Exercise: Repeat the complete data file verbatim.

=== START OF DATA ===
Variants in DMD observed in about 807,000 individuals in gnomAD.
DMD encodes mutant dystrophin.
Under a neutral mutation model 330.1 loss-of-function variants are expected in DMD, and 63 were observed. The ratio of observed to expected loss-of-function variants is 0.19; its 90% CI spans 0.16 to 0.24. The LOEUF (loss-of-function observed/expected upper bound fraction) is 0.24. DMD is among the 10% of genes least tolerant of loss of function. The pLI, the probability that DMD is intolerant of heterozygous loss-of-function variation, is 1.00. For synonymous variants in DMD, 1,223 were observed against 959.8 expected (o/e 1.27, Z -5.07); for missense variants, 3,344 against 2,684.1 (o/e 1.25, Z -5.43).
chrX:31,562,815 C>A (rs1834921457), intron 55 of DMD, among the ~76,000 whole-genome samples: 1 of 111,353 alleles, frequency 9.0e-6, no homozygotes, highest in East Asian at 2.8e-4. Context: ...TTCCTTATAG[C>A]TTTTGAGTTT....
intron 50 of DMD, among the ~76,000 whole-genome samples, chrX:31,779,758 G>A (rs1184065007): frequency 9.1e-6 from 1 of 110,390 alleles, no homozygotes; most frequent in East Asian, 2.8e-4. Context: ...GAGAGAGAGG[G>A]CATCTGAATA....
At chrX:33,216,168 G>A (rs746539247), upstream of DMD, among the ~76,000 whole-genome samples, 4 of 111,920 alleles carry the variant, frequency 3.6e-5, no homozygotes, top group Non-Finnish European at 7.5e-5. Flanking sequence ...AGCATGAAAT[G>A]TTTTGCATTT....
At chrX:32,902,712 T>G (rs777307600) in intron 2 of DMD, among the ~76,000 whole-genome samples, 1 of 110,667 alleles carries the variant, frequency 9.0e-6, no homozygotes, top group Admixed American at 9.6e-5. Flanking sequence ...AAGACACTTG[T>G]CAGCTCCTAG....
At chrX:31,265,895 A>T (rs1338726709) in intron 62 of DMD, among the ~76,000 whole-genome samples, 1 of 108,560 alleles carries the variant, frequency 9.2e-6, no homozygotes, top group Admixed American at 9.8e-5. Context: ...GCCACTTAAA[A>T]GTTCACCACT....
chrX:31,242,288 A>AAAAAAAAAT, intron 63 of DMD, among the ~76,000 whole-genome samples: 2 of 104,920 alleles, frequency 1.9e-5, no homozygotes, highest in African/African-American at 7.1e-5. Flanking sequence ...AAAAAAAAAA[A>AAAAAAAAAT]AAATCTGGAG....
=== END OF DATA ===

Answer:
Variants in DMD observed in about 807,000 individuals in gnomAD.
DMD encodes mutant dystrophin.
Under a neutral mutation model 330.1 loss-of-function variants are expected in DMD, and 63 were observed. The ratio of observed to expected loss-of-function variants is 0.19; its 90% CI spans 0.16 to 0.24. The LOEUF (loss-of-function observed/expected upper bound fraction) is 0.24. DMD is among the 10% of genes least tolerant of loss of function. The pLI, the probability that DMD is intolerant of heterozygous loss-of-function variation, is 1.00. For synonymous variants in DMD, 1,223 were observed against 959.8 expected (o/e 1.27, Z -5.07); for missense variants, 3,344 against 2,684.1 (o/e 1.25, Z -5.43).
chrX:31,562,815 C>A (rs1834921457), intron 55 of DMD, among the ~76,000 whole-genome samples: 1 of 111,353 alleles, frequency 9.0e-6, no homozygotes, highest in East Asian at 2.8e-4. Context: ...TTCCTTATAG[C>A]TTTTGAGTTT....
intron 50 of DMD, among the ~76,000 whole-genome samples, chrX:31,779,758 G>A (rs1184065007): frequency 9.1e-6 from 1 of 110,390 alleles, no homozygotes; most frequent in East Asian, 2.8e-4. Context: ...GAGAGAGAGG[G>A]CATCTGAATA....
At chrX:33,216,168 G>A (rs746539247), upstream of DMD, among the ~76,000 whole-genome samples, 4 of 111,920 alleles carry the variant, frequency 3.6e-5, no homozygotes, top group Non-Finnish European at 7.5e-5. Flanking sequence ...AGCATGAAAT[G>A]TTTTGCATTT....
At chrX:32,902,712 T>G (rs777307600) in intron 2 of DMD, among the ~76,000 whole-genome samples, 1 of 110,667 alleles carries the variant, frequency 9.0e-6, no homozygotes, top group Admixed American at 9.6e-5. Flanking sequence ...AAGACACTTG[T>G]CAGCTCCTAG....
At chrX:31,265,895 A>T (rs1338726709) in intron 62 of DMD, among the ~76,000 whole-genome samples, 1 of 108,560 alleles carries the variant, frequency 9.2e-6, no homozygotes, top group Admixed American at 9.8e-5. Context: ...GCCACTTAAA[A>T]GTTCACCACT....
chrX:31,242,288 A>AAAAAAAAAT, intron 63 of DMD, among the ~76,000 whole-genome samples: 2 of 104,920 alleles, frequency 1.9e-5, no homozygotes, highest in African/African-American at 7.1e-5. Flanking sequence ...AAAAAAAAAA[A>AAAAAAAAAT]AAATCTGGAG....